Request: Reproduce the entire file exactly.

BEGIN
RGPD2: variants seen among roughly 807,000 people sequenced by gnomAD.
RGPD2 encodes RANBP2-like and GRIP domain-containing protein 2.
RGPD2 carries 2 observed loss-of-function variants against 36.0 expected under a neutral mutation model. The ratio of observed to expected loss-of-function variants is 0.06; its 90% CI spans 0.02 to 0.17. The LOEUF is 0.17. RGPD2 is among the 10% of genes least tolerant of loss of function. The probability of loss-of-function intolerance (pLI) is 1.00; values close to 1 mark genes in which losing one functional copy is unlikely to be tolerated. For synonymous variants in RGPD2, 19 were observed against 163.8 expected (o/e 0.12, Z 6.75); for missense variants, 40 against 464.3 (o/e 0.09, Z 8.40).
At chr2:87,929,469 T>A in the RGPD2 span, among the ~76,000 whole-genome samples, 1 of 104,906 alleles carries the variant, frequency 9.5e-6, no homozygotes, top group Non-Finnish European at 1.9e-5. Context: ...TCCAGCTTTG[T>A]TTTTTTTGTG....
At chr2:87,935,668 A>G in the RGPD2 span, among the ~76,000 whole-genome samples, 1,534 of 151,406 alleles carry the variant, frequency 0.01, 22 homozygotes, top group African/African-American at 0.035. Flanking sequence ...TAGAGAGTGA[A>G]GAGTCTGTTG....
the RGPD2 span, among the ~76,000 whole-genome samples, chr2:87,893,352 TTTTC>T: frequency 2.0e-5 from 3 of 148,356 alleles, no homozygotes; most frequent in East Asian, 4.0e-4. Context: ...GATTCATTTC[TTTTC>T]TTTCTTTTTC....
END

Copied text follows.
RGPD2: variants seen among roughly 807,000 people sequenced by gnomAD.
RGPD2 encodes RANBP2-like and GRIP domain-containing protein 2.
RGPD2 carries 2 observed loss-of-function variants against 36.0 expected under a neutral mutation model. The ratio of observed to expected loss-of-function variants is 0.06; its 90% CI spans 0.02 to 0.17. The LOEUF is 0.17. RGPD2 is among the 10% of genes least tolerant of loss of function. The probability of loss-of-function intolerance (pLI) is 1.00; values close to 1 mark genes in which losing one functional copy is unlikely to be tolerated. For synonymous variants in RGPD2, 19 were observed against 163.8 expected (o/e 0.12, Z 6.75); for missense variants, 40 against 464.3 (o/e 0.09, Z 8.40).
At chr2:87,929,469 T>A in the RGPD2 span, among the ~76,000 whole-genome samples, 1 of 104,906 alleles carries the variant, frequency 9.5e-6, no homozygotes, top group Non-Finnish European at 1.9e-5. Context: ...TCCAGCTTTG[T>A]TTTTTTTGTG....
At chr2:87,935,668 A>G in the RGPD2 span, among the ~76,000 whole-genome samples, 1,534 of 151,406 alleles carry the variant, frequency 0.01, 22 homozygotes, top group African/African-American at 0.035. Flanking sequence ...TAGAGAGTGA[A>G]GAGTCTGTTG....
the RGPD2 span, among the ~76,000 whole-genome samples, chr2:87,893,352 TTTTC>T: frequency 2.0e-5 from 3 of 148,356 alleles, no homozygotes; most frequent in East Asian, 4.0e-4. Context: ...GATTCATTTC[TTTTC>T]TTTCTTTTTC....